A variety of marine landscapes, submarine processes and relics of ancient environments evident throughout our oceans have resulted in different types of mineral accumulations on and beneath the seabed.
The EMODnet Geology team responsible for the work package on Minerals, led by Geological Survey Ireland with project partners from Russia to Iceland, Turkey to Portugal and all maritime countries, has accomplished broad ranging systematic mapping of recorded marine minerals known to accumulate in seas surrounding Europe. A first step consisted in creating unique data schemas that report important information for each of the twelve mineral types. National data on marine minerals were then formatted and provided by project partners. Later merged into mineral type layers, these maps and information are now available on the EMODnet Geology portal.
The different types of marine mineral mapped by EMODnet Geology vary widely in genesis, i.e. how they form. Included in these twelve types of minerals are: aggregates; hydrocarbons; gas hydrates; marine placers; phosphorites; evaporates; polymetallic sulphides; polymetallic nodules; cobalt rich ferromanganese crust; metal rich sediments; rock, pegmatite and vein hosted mineralisation; sapropel.
Information on the types of minerals has relevance to engineering disciplines including extractive industries, beach nourishment and reclamation projects. Those who draw policies on the designation of areas for protection as well as licencing for mineral extraction can use these data in planning. Environmental and climate scientists who may be interested in the sea level rise and chemical interactions within our oceans can glean useful information from some of the mineral types listed.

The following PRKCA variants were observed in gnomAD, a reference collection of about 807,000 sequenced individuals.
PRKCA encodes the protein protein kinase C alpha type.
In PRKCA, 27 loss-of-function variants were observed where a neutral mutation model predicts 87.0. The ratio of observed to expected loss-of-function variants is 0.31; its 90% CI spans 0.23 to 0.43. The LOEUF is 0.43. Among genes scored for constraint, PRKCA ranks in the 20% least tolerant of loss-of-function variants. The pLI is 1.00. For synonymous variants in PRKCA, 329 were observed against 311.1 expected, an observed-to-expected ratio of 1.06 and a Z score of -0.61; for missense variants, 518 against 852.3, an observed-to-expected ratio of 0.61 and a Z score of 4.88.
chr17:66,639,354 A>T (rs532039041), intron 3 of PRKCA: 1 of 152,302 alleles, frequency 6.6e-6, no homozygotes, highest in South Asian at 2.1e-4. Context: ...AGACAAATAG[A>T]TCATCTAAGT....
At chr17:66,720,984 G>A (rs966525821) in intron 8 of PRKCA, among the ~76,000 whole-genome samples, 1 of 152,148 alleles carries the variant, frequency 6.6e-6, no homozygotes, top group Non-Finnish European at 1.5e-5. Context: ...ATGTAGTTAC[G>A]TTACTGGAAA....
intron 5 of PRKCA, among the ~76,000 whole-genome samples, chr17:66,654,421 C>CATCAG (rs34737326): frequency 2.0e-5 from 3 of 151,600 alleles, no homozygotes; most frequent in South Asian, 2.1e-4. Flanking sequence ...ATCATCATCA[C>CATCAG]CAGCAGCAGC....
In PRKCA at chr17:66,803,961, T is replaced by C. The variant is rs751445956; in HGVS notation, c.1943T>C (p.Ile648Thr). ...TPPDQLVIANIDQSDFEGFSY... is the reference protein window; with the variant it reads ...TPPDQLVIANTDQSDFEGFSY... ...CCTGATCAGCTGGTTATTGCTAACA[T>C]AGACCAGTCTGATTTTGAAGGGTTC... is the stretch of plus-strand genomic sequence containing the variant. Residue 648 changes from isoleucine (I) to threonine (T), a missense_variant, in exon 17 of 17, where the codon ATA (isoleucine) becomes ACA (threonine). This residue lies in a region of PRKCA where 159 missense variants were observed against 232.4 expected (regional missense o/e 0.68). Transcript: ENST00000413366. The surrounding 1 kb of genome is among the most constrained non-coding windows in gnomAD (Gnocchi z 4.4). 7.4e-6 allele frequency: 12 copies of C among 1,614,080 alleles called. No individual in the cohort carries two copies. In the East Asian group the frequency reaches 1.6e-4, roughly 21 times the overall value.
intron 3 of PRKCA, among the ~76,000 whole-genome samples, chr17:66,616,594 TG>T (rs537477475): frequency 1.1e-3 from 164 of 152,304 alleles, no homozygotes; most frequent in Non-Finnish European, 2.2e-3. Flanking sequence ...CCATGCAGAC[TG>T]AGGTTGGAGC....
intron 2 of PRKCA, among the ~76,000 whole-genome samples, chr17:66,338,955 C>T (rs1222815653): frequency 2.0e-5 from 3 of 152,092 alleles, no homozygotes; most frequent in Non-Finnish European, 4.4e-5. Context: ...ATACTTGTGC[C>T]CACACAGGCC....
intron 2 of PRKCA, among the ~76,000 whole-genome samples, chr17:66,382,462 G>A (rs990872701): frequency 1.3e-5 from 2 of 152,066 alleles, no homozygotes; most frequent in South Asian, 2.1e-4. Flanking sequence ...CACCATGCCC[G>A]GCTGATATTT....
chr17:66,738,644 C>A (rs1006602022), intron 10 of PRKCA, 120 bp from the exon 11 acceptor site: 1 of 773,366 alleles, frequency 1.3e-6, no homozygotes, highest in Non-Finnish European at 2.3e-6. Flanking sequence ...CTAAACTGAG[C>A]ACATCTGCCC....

With Earth’s population growth, efforts to meet our needs for resources with indigenous supplies continue. Many minerals and critical raw materials form important components in low-carbon and resource-efficient technologies such as electric car batteries and solar panels. A project investigating the metallogeny and geological potential for strategic and critical raw materials on the European seabed called GeoERA MINDeSEA has been established and is already using EMODnet Geology Minerals data for analysis. “EMODnet Data on ferromanganese crust and nodules, rich in cobalt, tellurium, rare earth elements and other strategic and critical metals, have been used by MINDeSEA as starting points to produce the first compilation of energy-critical elements in pan-European seas”, said Javier González, coordinator of MINDeSEA, from the Geological Survey of Spain. “EMODnet-Geology data will be very useful to plan future research and exploration targets for minerals with exploitation potential and to define areas for environmental protection”.